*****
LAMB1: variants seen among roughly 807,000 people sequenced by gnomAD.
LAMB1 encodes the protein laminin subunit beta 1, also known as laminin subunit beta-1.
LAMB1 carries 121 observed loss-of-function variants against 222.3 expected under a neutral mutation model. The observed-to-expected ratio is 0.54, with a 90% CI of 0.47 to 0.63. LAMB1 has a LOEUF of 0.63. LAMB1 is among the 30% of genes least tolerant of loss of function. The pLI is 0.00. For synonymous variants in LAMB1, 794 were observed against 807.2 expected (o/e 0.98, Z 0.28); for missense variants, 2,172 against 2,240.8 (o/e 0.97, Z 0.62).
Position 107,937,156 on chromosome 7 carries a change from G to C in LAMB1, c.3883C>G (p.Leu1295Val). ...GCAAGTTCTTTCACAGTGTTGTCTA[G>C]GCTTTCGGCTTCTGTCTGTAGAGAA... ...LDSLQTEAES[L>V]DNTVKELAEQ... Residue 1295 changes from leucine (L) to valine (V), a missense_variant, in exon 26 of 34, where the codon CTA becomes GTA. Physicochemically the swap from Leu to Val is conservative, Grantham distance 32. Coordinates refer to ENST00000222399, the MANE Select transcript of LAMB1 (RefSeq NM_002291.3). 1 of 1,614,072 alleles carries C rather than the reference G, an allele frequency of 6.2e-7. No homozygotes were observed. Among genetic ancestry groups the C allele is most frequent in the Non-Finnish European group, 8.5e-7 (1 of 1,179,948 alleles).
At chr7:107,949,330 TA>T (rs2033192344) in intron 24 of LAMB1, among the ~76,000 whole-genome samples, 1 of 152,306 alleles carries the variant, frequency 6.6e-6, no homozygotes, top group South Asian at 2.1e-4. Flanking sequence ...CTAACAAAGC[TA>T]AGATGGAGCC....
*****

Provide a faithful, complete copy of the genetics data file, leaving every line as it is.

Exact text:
LAMB1: variants seen among roughly 807,000 people sequenced by gnomAD.
LAMB1 encodes the protein laminin subunit beta 1, also known as laminin subunit beta-1.
LAMB1 carries 121 observed loss-of-function variants against 222.3 expected under a neutral mutation model. The observed-to-expected ratio is 0.54, with a 90% CI of 0.47 to 0.63. LAMB1 has a LOEUF of 0.63. LAMB1 is among the 30% of genes least tolerant of loss of function. The pLI is 0.00. For synonymous variants in LAMB1, 794 were observed against 807.2 expected (o/e 0.98, Z 0.28); for missense variants, 2,172 against 2,240.8 (o/e 0.97, Z 0.62).
Position 107,937,156 on chromosome 7 carries a change from G to C in LAMB1, c.3883C>G (p.Leu1295Val). ...GCAAGTTCTTTCACAGTGTTGTCTA[G>C]GCTTTCGGCTTCTGTCTGTAGAGAA... ...LDSLQTEAES[L>V]DNTVKELAEQ... Residue 1295 changes from leucine (L) to valine (V), a missense_variant, in exon 26 of 34, where the codon CTA becomes GTA. Physicochemically the swap from Leu to Val is conservative, Grantham distance 32. Coordinates refer to ENST00000222399, the MANE Select transcript of LAMB1 (RefSeq NM_002291.3). 1 of 1,614,072 alleles carries C rather than the reference G, an allele frequency of 6.2e-7. No homozygotes were observed. Among genetic ancestry groups the C allele is most frequent in the Non-Finnish European group, 8.5e-7 (1 of 1,179,948 alleles).
At chr7:107,949,330 TA>T (rs2033192344) in intron 24 of LAMB1, among the ~76,000 whole-genome samples, 1 of 152,306 alleles carries the variant, frequency 6.6e-6, no homozygotes, top group South Asian at 2.1e-4. Flanking sequence ...CTAACAAAGC[TA>T]AGATGGAGCC....